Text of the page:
it was left to Phiz to whet the public's appetite with an image of what lay in store. In a tailpiece to Dickens's transition, he pictured Master Humphrey's legs crossed, asleep in his chair, surrounded by little figures, including Mr. Punch, some wildly cavorting through the air, some referring directly to the forthcoming novel, some referring to the past. [1875], Dickens's Dream . . . , created shortly after Dickens's death [1875], in which all around him play the creatures of his — and his illustrators' — imagination. [84-85]

The serial readers in the transitional number of Master Humphrey's Clock (published on 6 February 1841) would not have known how to interpret any of the figures in the forthcoming novel whose title the editor's banner-page announces. Moreover, an analysis of the composition — startlingly — reveals no specific characters from the forthcoming serial. Later readers, familiar with Barnaby Rudge; or, The Riots of 'Eighty ((13 February-27 November 1841), would probably have looked for images of the story's principals: Grip, Barnaby, and his mother; Joe and Dolly; Mr. Haredale and his niece, Emma; the curmudgeonly publican of The Maypole, John Willet; Hugh the ostler and rebel, and his quondam sidekick, Dennis, the public hangman; elegantly attired Sir John Chester and his earnest son, Edward; the envious Cockney servant Miss Miggs, and the self-absorbed apprentice Sim Tappertit. Although a tome, presumably The Old Curiosity Shop, lies closed at Master Humphrey's feet, most of the characters emanate from it, rather than from the manuscript of the forthcoming novel. The absence of characters from the second novel — except, perhaps, for a bewigged and masked figure  at the editor's shoulder who might be Sir John Chester, suggests that Phiz knew little about the new work besides its short title. A young rebel who might be Sim appears, straddling a spear (upper left), but one can make no identification of the figure in eighteenth-century dress who prods Master Humphrey's head with his walking-stick (upper left-of-centre). Since the puppeteers Codlin and Short, Mr. Punch and Judy, and even Dick Swiveller are clearly identifiable figures in the right-hand register, we naturally look for specific characters from Barnaby Rudge to the left, but find none. Dickens had probably not taken Phiz into his confidence about most of the characters for their next work.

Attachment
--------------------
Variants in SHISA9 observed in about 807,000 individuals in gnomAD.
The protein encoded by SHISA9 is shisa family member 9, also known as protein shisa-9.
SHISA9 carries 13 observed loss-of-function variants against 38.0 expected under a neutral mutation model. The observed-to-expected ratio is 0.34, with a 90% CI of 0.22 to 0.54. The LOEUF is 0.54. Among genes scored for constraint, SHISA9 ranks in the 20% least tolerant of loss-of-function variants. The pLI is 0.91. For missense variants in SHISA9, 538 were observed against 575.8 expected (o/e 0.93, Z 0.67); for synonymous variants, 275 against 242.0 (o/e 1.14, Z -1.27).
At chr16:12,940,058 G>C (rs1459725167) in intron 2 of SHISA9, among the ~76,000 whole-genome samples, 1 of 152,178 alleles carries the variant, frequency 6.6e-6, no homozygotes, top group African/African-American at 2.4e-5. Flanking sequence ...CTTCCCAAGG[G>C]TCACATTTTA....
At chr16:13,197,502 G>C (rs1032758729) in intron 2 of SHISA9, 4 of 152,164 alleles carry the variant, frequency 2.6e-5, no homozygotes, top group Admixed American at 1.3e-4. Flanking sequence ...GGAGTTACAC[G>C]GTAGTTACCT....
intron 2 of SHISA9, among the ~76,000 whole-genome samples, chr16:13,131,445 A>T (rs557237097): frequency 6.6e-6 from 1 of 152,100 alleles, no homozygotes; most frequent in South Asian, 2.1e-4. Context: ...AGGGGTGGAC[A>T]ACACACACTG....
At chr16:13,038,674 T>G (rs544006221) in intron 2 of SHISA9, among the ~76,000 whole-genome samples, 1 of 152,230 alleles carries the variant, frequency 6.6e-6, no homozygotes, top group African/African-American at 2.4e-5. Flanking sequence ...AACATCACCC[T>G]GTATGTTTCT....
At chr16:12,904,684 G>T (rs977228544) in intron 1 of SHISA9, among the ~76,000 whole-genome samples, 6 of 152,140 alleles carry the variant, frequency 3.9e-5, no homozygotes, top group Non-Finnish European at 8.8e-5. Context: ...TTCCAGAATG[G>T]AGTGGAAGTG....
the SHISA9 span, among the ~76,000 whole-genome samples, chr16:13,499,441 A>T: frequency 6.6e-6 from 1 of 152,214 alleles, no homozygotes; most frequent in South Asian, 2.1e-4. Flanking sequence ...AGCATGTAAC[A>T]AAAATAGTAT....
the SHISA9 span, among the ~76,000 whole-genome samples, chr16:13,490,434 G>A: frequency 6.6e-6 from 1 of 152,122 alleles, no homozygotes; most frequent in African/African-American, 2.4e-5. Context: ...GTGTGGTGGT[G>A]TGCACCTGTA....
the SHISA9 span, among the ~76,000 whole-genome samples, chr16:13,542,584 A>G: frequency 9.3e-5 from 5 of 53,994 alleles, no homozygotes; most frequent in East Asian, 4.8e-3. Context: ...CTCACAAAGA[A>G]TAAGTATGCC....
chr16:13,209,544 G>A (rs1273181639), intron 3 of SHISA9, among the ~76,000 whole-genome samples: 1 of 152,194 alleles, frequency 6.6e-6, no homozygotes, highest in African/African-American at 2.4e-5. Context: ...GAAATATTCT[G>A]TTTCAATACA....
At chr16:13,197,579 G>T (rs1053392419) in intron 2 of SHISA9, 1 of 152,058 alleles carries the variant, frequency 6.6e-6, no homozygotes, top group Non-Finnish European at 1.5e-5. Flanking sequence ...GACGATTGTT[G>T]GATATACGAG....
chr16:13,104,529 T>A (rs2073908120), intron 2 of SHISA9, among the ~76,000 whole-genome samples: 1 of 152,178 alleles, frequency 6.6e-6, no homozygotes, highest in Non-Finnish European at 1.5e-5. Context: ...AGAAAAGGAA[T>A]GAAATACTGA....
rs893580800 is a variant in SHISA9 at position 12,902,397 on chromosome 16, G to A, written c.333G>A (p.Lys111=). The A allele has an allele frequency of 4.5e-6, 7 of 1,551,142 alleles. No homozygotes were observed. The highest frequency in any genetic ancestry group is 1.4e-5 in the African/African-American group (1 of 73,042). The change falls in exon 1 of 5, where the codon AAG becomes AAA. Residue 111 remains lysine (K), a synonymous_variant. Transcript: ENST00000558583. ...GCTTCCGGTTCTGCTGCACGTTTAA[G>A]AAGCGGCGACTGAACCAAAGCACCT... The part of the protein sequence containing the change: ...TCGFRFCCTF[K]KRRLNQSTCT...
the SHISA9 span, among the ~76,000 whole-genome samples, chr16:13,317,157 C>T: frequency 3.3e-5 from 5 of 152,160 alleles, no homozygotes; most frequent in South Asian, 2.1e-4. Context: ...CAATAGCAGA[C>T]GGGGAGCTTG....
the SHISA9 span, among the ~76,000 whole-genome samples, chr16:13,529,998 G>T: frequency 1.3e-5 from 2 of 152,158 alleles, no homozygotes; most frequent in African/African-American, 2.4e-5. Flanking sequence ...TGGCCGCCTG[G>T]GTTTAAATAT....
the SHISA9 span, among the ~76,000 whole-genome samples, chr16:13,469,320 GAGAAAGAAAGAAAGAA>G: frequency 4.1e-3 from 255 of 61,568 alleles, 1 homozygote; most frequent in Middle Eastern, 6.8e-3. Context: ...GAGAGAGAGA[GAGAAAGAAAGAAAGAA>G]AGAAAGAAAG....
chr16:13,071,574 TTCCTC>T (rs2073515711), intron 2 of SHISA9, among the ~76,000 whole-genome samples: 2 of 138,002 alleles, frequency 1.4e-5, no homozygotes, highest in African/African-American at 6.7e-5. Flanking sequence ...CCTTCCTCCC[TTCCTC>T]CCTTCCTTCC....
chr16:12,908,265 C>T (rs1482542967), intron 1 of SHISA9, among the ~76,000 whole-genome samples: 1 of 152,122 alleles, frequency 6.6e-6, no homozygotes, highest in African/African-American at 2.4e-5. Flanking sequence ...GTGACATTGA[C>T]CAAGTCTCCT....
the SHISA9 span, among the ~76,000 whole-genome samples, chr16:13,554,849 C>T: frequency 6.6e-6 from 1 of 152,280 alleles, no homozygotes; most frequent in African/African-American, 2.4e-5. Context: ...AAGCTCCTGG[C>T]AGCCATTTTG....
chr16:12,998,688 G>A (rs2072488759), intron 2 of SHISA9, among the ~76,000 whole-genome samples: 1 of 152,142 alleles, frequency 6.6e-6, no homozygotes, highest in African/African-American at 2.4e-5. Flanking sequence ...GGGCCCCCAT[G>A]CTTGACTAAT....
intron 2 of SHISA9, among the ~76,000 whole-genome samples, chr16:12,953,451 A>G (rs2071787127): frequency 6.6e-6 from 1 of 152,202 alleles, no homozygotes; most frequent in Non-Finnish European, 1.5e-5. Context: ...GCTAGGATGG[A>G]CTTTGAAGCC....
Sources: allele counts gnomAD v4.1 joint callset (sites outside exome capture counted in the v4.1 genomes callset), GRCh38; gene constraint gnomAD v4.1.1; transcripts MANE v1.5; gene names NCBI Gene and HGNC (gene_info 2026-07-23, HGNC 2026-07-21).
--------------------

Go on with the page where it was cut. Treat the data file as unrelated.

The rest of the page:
We may have in the text itself another reason for Master Humphrey's not dreaming about any specific characters from Barnaby Rudge as he nods off before his fireside. He has merely received the manuscript from another contributor to the Clock; and therefore he has as yet no precise notion of the manuscript's contents:

The handwriting was strange to me, for the manuscript had been fairly copied. As it is against our rules, in such a case, to inquire into the authorship until the reading is concluded, I could only glance at the different faces round me, in search of some expression which should betray the writer. Whoever he might be, he was prepared for this, and gave no sign for my enlightenment.

I had the papers in my hand, when my deaf friend interposed with a suggestion.